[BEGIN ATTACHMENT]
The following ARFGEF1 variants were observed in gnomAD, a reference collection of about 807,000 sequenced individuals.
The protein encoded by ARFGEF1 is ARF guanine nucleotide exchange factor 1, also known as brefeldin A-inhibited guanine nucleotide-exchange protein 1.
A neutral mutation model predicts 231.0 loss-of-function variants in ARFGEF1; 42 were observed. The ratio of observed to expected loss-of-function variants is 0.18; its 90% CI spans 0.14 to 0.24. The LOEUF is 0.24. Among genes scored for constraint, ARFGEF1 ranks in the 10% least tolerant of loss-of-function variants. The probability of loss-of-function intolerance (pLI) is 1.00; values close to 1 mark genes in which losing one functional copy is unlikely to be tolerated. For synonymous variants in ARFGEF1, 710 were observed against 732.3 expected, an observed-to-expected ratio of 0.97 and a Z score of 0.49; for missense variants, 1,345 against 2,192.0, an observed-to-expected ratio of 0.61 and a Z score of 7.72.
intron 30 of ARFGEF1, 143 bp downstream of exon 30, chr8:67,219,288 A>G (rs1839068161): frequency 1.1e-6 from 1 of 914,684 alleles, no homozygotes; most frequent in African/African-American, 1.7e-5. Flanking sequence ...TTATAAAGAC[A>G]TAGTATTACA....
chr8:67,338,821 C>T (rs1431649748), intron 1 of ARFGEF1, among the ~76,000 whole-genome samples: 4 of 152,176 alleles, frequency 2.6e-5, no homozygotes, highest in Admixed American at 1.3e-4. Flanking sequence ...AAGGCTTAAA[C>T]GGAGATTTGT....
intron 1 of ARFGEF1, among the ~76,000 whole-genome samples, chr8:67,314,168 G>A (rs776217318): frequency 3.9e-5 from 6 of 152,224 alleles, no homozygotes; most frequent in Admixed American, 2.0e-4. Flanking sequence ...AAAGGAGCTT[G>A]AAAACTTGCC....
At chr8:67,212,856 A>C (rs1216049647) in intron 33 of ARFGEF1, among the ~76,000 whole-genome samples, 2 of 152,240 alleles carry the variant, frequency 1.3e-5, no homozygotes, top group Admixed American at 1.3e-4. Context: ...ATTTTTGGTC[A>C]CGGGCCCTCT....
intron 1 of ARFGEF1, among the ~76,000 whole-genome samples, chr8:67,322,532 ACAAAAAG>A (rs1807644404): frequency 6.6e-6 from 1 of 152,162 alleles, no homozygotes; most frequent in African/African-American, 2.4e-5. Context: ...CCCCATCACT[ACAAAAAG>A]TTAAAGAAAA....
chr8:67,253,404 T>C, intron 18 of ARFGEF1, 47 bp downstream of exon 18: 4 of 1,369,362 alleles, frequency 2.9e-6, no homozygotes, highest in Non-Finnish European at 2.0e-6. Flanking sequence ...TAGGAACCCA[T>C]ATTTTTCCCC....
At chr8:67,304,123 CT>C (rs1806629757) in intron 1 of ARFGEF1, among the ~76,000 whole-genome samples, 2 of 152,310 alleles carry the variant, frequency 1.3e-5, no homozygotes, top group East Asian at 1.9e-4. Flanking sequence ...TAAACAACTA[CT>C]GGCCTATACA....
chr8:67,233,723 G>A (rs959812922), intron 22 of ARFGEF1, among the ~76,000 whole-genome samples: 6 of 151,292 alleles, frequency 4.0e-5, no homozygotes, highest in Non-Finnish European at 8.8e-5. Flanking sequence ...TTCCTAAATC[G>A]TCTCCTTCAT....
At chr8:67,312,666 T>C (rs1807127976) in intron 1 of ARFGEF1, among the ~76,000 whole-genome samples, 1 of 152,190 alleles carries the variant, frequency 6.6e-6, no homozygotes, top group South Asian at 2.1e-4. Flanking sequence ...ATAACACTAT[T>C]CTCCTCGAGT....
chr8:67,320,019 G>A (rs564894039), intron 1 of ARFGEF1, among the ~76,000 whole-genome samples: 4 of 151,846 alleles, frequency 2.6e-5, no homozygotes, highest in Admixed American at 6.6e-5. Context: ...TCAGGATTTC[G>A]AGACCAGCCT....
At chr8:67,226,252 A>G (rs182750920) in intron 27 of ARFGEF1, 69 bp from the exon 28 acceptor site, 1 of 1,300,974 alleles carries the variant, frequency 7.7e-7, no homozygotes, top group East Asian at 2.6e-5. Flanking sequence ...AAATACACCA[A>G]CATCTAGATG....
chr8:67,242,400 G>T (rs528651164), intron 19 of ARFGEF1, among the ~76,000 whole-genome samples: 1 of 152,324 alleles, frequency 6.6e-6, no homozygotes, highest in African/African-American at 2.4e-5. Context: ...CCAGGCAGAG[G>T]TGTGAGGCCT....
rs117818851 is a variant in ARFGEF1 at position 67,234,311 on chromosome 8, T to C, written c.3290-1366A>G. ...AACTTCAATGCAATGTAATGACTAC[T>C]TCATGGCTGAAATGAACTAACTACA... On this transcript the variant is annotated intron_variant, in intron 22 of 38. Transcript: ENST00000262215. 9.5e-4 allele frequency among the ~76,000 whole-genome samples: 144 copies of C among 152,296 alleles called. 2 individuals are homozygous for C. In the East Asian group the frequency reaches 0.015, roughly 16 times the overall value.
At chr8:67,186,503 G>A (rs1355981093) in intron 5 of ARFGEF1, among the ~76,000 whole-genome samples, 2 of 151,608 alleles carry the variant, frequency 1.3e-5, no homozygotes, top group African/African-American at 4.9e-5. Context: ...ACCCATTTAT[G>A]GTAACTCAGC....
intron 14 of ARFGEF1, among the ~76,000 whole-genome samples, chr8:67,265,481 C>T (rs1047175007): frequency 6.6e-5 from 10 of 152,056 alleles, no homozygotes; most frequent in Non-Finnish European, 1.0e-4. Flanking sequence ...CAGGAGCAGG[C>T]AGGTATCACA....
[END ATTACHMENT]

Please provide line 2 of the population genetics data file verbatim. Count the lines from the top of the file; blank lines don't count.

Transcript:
The protein encoded by ARFGEF1 is ARF guanine nucleotide exchange factor 1, also known as brefeldin A-inhibited guanine nucleotide-exchange protein 1.